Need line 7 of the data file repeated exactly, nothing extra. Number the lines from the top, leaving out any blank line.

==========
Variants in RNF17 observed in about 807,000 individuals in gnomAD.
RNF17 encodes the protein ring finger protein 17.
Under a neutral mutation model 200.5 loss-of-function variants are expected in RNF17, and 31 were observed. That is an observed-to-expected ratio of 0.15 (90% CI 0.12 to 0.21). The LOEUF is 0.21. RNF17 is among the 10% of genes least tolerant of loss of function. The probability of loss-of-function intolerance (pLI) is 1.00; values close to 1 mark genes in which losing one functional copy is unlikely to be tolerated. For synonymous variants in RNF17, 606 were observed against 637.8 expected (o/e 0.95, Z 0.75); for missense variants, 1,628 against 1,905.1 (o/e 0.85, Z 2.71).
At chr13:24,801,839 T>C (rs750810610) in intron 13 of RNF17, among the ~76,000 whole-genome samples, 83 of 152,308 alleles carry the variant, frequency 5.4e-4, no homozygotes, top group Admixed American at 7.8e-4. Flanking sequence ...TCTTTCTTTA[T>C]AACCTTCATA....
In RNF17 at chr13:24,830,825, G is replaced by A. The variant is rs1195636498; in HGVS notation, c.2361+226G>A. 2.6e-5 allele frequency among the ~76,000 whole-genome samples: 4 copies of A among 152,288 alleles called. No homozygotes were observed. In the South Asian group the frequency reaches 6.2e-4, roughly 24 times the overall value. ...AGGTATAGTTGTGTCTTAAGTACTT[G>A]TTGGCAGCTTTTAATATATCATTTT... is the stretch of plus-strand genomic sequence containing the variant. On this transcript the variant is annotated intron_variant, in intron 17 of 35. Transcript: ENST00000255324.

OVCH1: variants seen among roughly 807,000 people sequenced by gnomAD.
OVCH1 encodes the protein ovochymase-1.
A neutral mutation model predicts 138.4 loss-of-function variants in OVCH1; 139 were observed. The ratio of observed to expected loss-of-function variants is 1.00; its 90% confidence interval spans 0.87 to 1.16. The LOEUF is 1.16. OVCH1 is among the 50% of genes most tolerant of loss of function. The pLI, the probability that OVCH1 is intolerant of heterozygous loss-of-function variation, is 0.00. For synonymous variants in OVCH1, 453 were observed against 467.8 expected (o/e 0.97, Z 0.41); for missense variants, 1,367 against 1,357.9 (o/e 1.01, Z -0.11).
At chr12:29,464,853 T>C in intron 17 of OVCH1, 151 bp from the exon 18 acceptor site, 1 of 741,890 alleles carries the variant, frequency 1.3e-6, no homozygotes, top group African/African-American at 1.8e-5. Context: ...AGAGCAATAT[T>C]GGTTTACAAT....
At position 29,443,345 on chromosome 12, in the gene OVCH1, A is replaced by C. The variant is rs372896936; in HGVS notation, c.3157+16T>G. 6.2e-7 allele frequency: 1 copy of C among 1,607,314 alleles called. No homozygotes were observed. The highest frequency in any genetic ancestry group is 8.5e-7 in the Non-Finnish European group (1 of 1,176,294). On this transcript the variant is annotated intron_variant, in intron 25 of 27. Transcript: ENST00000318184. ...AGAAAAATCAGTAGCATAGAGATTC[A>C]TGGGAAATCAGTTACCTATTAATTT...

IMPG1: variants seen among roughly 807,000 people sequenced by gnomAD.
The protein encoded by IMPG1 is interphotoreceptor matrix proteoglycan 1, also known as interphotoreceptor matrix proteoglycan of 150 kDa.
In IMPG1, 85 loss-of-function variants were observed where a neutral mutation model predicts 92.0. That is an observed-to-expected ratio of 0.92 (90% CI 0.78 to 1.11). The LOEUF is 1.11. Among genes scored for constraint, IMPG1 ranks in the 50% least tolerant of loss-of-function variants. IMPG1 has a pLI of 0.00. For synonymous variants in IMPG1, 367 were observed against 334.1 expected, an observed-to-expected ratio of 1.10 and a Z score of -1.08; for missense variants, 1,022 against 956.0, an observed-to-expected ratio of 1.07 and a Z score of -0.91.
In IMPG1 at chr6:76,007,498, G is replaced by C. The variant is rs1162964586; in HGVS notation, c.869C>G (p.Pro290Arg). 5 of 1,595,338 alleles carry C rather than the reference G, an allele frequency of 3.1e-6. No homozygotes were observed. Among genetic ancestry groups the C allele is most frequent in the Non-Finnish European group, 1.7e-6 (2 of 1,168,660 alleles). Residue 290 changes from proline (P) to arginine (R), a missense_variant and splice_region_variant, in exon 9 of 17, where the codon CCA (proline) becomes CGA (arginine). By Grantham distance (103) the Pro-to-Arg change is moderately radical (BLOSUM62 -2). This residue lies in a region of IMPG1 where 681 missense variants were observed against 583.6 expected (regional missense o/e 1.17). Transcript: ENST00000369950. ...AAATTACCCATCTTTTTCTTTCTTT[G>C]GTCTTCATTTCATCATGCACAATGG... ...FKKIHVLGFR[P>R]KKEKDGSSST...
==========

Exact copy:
OVCH1 encodes the protein ovochymase-1.